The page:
Parabolic trough at a plant in Harper Lake, California

Usage by commercial plants[edit]

Current commercial plants utilizing parabolic troughs are hybrids; fossil fuels are used during night hours, but the amount of fossil fuel used is limited to a maximum 27% of electricity production, allowing the plant to qualify as a renewable energy source. Because they are hybrids and include cooling stations, condensers, accumulators and other things besides the actual solar collectors, the power generated per square meter of area varies enormously.[citation needed]

The largest operational solar power system at present is the 280 MW Solana Generating Station in Arizona. Two of the SEGS plants located at Harper Lake in California, USA, at 80 MW generation capacity each.[11] At 354 MW, SEGS is the largest solar power plant in the world.[12]

The 64 MW Nevada Solar One also uses this technology. In the new Spanish plant, Andasol 1 solar power station, the 'Eurotrough'-collector is used. This plant went online in November 2008[13] and has a nominal output of 49.9 MW.

The 5 MW Archimede solar power plant, which opened in 2010, in Sicily was the first to use molten salt for energy storage.[citation needed]

See also[edit]

References[edit]

  1. ^ Julio Chaves, Introduction to Nonimaging Optics, CRC Press, 2008 ISBN 978-1-4200-5429-3
  2. ^ Roland Winston et al.,, Nonimaging Optics, Academic Press, 2004 ISBN 978-0-12-759751-5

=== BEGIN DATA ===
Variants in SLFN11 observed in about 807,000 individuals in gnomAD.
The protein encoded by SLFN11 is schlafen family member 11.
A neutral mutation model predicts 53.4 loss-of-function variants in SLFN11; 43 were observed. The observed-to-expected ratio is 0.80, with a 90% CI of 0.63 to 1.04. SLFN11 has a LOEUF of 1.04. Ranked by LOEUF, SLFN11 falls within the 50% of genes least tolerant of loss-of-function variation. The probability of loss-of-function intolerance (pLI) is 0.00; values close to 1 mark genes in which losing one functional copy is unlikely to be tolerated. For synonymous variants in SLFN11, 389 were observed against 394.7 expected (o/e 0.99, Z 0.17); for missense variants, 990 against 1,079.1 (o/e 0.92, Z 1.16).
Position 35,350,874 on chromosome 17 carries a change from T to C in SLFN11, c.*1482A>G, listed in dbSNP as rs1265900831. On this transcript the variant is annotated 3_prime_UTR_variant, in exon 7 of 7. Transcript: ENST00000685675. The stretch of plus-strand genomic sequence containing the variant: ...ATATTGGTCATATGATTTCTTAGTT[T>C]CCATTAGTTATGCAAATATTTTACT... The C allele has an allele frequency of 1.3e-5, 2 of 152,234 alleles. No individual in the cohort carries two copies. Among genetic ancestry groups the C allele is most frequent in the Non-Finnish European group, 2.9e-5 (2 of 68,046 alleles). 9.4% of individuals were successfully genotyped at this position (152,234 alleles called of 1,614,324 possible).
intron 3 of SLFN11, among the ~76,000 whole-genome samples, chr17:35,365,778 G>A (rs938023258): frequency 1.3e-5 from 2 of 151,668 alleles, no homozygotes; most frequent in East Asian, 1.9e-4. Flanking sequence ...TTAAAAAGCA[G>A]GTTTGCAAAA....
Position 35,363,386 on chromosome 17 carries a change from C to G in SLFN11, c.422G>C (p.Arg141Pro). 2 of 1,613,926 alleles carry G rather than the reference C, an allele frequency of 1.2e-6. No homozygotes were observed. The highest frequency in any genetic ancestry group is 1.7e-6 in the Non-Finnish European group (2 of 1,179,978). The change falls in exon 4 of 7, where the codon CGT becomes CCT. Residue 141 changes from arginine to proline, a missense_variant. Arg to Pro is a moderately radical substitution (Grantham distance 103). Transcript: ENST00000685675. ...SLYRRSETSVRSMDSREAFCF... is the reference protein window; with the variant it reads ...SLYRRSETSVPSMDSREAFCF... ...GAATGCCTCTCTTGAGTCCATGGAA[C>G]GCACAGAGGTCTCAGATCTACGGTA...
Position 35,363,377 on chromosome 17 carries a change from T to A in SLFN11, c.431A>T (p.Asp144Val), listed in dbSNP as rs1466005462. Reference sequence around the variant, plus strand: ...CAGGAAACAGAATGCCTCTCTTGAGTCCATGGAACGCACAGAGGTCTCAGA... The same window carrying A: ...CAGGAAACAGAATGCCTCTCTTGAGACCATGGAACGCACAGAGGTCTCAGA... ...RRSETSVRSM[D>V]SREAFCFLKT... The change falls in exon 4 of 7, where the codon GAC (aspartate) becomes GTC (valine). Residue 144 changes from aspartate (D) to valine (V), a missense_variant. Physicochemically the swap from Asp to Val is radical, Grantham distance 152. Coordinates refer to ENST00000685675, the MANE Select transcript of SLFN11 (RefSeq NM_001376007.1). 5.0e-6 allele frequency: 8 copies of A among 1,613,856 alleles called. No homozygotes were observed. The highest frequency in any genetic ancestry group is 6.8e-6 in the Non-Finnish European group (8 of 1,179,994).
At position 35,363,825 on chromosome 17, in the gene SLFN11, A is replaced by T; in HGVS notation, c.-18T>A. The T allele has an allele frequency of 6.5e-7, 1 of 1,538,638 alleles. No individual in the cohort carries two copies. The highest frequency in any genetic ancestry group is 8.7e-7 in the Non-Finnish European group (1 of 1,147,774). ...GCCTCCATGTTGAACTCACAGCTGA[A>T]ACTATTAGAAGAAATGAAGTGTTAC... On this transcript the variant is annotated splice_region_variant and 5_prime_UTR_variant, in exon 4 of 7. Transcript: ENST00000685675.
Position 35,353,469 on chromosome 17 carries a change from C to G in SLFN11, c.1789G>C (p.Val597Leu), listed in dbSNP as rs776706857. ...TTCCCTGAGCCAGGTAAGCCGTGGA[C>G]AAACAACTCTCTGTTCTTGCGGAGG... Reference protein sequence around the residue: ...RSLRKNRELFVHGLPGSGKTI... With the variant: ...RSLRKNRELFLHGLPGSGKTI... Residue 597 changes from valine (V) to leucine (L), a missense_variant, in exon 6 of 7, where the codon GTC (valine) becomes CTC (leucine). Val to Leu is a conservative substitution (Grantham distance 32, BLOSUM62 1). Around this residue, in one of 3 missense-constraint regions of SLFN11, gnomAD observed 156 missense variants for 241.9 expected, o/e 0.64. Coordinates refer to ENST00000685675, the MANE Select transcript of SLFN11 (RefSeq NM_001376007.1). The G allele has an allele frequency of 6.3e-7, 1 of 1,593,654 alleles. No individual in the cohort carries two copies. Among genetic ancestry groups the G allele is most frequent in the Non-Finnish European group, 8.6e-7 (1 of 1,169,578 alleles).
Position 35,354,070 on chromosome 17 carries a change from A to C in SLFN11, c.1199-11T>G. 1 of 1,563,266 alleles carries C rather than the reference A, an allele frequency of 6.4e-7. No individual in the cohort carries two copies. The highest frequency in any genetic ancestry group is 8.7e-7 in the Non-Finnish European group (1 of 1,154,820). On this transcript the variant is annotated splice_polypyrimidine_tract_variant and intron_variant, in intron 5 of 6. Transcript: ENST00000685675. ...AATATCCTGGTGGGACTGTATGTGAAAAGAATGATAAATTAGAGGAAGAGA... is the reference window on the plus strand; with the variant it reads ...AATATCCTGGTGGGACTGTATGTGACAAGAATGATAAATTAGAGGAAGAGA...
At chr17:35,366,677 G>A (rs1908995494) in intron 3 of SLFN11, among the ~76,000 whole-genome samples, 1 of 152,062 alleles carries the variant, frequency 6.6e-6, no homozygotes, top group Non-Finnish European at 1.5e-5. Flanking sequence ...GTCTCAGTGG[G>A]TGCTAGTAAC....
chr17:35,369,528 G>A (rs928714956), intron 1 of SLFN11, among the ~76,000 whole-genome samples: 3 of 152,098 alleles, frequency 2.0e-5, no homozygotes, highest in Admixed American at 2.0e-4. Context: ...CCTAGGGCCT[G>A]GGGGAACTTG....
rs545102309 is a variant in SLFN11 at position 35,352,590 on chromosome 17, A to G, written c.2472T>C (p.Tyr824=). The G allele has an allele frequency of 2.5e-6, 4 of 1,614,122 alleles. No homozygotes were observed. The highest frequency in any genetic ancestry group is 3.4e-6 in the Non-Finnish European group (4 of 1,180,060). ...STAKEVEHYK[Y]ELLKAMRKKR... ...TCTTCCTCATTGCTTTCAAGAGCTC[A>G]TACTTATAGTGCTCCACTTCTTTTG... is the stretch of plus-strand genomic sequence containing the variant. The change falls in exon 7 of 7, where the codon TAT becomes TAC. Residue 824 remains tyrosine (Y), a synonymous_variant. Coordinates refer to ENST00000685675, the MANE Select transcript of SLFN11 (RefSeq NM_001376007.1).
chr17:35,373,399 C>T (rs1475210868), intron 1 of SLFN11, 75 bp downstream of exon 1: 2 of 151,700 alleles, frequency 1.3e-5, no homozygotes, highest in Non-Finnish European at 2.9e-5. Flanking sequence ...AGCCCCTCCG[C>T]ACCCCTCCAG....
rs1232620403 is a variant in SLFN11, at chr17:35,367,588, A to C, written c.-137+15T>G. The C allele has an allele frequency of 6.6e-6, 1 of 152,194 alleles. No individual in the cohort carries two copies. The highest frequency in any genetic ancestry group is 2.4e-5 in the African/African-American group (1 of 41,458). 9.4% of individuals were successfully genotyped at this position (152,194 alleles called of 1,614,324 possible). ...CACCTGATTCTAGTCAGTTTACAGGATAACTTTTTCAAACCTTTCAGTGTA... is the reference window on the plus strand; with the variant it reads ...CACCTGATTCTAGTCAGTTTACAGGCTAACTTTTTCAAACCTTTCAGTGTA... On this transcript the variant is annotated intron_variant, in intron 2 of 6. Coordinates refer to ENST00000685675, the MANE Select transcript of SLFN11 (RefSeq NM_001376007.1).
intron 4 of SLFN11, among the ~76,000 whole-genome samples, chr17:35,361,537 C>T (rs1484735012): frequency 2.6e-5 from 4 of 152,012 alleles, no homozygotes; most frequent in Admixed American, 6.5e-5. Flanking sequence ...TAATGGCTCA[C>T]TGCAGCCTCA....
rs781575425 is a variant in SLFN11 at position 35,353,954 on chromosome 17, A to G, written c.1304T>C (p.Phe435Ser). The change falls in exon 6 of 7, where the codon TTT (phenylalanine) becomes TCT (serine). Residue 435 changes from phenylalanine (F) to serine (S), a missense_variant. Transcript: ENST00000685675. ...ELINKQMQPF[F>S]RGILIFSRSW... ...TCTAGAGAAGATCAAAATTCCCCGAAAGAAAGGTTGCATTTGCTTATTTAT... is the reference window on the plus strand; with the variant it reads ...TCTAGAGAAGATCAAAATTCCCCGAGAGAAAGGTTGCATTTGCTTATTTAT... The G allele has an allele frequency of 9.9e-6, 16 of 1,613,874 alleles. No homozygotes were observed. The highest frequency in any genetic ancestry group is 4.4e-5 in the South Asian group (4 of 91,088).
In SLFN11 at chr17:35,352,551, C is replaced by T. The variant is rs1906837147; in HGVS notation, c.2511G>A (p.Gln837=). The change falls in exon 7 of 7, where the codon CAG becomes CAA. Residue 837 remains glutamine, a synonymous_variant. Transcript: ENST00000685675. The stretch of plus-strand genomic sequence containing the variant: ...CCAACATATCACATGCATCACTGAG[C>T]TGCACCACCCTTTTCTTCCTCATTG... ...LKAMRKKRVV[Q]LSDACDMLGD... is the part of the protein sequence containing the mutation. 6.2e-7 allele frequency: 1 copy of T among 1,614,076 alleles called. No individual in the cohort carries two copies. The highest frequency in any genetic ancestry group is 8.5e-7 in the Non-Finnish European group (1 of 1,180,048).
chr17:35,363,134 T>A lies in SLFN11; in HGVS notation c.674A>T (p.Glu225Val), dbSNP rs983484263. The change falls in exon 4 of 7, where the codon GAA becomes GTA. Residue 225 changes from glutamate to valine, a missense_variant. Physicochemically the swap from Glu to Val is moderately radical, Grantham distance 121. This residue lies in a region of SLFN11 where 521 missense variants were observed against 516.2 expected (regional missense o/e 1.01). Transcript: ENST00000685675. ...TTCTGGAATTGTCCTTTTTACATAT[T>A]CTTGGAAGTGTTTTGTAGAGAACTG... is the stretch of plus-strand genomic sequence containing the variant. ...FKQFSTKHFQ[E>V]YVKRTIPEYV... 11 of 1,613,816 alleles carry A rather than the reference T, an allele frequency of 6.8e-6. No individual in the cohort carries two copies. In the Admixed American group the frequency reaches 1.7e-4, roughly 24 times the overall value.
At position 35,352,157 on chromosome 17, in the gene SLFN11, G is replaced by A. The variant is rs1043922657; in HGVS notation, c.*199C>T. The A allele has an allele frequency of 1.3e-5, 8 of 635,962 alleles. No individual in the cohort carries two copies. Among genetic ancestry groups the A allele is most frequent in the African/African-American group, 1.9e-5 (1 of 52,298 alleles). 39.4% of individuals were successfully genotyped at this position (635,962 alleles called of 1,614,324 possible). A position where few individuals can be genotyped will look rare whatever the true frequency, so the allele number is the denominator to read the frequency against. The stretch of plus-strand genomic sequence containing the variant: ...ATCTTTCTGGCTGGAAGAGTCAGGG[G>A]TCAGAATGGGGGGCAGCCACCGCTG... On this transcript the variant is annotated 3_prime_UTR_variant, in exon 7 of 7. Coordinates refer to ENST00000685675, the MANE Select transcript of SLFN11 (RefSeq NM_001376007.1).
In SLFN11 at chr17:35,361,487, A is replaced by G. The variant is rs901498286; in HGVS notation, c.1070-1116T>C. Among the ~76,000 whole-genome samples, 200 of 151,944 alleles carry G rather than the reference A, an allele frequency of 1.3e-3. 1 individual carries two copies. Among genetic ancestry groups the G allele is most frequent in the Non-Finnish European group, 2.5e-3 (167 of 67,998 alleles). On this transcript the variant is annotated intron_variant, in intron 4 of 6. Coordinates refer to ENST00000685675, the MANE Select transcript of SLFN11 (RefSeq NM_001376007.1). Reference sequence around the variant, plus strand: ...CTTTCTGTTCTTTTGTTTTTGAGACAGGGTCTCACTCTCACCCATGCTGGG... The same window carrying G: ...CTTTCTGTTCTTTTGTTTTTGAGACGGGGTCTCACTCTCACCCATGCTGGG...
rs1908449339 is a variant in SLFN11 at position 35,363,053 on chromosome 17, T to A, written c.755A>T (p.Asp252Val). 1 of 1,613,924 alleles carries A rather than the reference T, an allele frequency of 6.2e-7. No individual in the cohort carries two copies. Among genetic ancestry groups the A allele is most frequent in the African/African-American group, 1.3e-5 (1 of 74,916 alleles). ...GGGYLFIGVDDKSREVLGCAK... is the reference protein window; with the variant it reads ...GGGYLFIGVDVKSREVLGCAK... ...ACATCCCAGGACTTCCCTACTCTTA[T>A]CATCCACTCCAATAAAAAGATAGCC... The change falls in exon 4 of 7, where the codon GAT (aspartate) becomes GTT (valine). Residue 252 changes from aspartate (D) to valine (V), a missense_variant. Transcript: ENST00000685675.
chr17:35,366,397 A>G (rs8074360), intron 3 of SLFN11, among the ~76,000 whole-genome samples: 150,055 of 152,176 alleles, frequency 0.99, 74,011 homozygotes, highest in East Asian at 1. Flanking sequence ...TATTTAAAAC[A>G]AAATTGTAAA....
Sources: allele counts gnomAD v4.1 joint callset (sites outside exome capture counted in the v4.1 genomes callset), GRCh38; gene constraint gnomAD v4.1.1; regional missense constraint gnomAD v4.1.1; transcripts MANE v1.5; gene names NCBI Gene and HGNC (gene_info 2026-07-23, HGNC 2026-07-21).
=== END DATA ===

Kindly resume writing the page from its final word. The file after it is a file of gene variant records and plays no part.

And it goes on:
3. ^ Diogo Canavarro et al., New second-stage concentrators (XX SMS) for parabolic primaries; Comparison with conventional parabolic trough concentrators, Solar Energy 92 (2013) 98–105
  4. ^ Diogo Canavarro et al., Infinitesimal etendue and Simultaneous Multiple Surface (SMS) concentrators for fixed receiver troughs, Solar Energy 97 (2013) 493–504
  5. ^ Absorber tube temperature
  6. ^ Patel99 Ch.9
  7. ^ V-type parabolic troughs
  8. ^ Harry Tournemille. "Award-Winning Solar Reflectors Will Cut Production Costs". www.energyboom.com. Retrieved 2009-11-25. 
  9. ^ a b Deloitte Touche Tohmatsu Ltd, "Energy & Resources Predictions 2012", 2 November 2011
  10. ^ Helman, Christopher, "Oil from the sun", "Forbes", April 25, 2011
  11. ^ "Solar energy generating system (SEGS)". 
  12. ^ Concentrating Solar Power Case Studies
  13. ^ "The Construction of the Andasol Power Plants". Solar Millennium AG. 

Bibliography[edit]